I don’t have COVID-19.
There. I said it, and I hope it remains true, no matter how long this heinous virus goes around. Yes, I’ve heard of herd immunity, but I worry that we will never reach it, no matter how many millions get it, no matter how many hundreds of thousands succumb to it. I worry that more people will have it, or will get it, or will know someone who has it, or who has had it, that it will become a “Who’s Who?” commentary.
Did you know Dave and Lisa had it? Yeah, but they’re recovering nicely at their summer house in the Hamptons. Have you heard that Jeremy caught it? Sure, but now he’s okay.
I keep reading all these statistics that say it’s okay if you get it
- if you don’t have a preexisting condition
- if you aren’t 65+
- if you’re otherwise healthy
But these aren’t always true, and we don’t social distance correctly, and we don’t wear our masks the right way, and NO LIFE IS OKAY TO BE EXTINGUISHED. I don’t care how old they are, how sick they are, how bad they may be as a person, they don’t deserve to get this horrible disease. They don’t deserve to die from it. But it’s happening, and it’s happening in droves, and we can’t seem to get a handle on it.
Someone told me the other day it’s so rough here in America because of the American Way, this idea that we are all individuals, that we have these “inalienable” rights, that we want to exercise them, even if they get us killed, or get others killed, because of something that sounds so simple but packs a wallop: asymptomatic. This is the silent killer, the person walking around who looks and acts and feels normal, but they’re a virus mule, leaving their mark here and there.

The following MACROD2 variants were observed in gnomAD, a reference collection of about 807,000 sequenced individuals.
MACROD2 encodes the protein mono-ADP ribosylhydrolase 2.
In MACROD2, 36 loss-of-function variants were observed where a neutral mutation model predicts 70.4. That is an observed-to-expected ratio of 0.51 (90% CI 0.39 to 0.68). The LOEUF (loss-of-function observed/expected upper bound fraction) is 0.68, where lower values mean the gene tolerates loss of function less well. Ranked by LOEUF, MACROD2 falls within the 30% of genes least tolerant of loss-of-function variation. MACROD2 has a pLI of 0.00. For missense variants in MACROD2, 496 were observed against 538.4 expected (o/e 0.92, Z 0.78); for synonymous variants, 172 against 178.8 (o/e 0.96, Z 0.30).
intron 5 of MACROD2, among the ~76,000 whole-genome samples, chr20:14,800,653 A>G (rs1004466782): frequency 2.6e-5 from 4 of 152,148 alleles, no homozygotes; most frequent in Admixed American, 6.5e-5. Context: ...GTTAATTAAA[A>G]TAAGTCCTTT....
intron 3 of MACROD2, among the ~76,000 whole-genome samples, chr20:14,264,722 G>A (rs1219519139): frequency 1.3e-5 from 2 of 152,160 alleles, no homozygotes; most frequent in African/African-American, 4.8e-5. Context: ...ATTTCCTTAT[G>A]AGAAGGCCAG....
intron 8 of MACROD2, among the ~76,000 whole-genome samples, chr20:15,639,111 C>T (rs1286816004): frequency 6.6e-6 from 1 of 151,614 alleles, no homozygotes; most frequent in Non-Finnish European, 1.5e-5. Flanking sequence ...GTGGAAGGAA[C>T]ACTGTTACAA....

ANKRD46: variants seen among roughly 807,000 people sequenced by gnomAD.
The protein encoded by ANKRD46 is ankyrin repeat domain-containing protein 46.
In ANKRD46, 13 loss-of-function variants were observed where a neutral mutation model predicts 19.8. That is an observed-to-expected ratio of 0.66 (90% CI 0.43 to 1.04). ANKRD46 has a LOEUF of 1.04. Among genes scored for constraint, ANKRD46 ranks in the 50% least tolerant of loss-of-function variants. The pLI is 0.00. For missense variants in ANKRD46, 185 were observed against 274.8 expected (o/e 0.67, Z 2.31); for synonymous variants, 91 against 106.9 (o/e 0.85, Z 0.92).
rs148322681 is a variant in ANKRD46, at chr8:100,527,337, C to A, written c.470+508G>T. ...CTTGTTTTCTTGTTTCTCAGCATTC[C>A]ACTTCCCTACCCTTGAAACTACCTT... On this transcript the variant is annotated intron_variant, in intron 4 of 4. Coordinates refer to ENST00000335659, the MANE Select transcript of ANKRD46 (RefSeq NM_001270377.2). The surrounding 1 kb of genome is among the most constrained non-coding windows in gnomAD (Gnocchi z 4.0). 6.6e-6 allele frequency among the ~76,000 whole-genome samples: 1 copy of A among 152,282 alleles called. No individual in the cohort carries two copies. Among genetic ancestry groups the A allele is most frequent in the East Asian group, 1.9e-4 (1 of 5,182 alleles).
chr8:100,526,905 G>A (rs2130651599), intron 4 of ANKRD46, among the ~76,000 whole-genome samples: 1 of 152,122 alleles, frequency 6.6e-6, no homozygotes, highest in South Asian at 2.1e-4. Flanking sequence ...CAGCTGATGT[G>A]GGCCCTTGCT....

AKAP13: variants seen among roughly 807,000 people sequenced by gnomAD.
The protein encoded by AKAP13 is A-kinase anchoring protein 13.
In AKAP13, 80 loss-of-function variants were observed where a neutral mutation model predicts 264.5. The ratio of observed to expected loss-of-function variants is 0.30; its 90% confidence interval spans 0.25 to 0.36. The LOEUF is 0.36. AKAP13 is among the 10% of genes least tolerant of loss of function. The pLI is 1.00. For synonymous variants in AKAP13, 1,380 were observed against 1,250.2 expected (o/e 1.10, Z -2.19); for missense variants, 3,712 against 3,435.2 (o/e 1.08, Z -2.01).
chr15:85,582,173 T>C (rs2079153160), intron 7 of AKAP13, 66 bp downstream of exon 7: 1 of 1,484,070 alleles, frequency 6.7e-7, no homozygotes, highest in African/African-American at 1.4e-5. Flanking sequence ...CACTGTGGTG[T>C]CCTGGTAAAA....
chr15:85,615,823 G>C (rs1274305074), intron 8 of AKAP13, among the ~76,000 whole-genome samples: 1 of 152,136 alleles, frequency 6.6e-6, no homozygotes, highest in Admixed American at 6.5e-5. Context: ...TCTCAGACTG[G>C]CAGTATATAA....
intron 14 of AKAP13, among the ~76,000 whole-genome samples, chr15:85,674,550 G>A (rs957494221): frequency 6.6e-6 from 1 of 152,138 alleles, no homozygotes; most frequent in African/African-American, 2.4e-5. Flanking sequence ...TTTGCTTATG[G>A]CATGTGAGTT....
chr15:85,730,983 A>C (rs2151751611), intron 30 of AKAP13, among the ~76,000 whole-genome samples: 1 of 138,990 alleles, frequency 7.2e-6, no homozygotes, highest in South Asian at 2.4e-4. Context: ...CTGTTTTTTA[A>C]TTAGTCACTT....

So I fear where we are, and I fear where we’re heading, and I worry that we’ve come too far to go backwards, and yet in so many places that’s exactly where we’re going. My wife and I tuned in to the school board meeting this week for our daughters’ school, and they talked about all the safety and health initiatives they are taking to make sure the virus doesn’t run rampant here, and I kept trying to stop myself from saying, “By the grace of god.” Because I don’t even know if I believe in god, but I do know that it seems like a miracle is needed right now.
So, I’ve had this cough for the past three weeks, and nothing was really getting rid of it, which is strange for me. Usually my immune system is amazing, and would have eradicated it in a couple of days. I went to the COVID tent (where they do triage services these days) and they said I had bronchitis, so I received a regimen of antibiotics that didn’t quite get rid of the cough. A week later I went back to the tent, so freaked out that when they asked if I wanted the COVID test I said yes.
Now, there are three different types of people during this pandemic:
- those who are still pretending this thing isn’t happening
- those who were very good for the first two or three months, but have relaxed since then
- those who are still pretty much quarantined with no true date in their minds when they will ever feel comfortable again being in public
I am firmly in the third camp, and I blanch when people try to tell me it’s okay. The numbers have gone down in New York, they say. It’s okay to go to parties if you’re social distancing, they say. Why are you still chilling at home? they ask. But the rational part of my brain says, “Yes, the numbers have gone down in this state. Why do you think that is? Why should we jeopardize it now? Have you heard we still don’t have a vaccine? I’ll do me, and you do you. Thank you very much.” Yes, I have turned into a hermit, and everyone doesn’t have this option. I get it. But when people are going everywhere they used to go, not wearing masks (or better yet, wearing it under the nose), and not staying away from large groups of other people, I just shake my head.
I’m afraid that this will never go away, or at the least, that this will hang on like grim death until a viable vaccine is found. When will we get it through our heads that doing what we’ve been doing isn’t working? I feel like I’m afraid of human nature, of human behavior patterns, of getting complacent and what that means not just for our future, but for our now.
But, right now I don’t have COVID-19. So, I’m just going to move ahead doing what I’ve been doing, and hoping for a shift.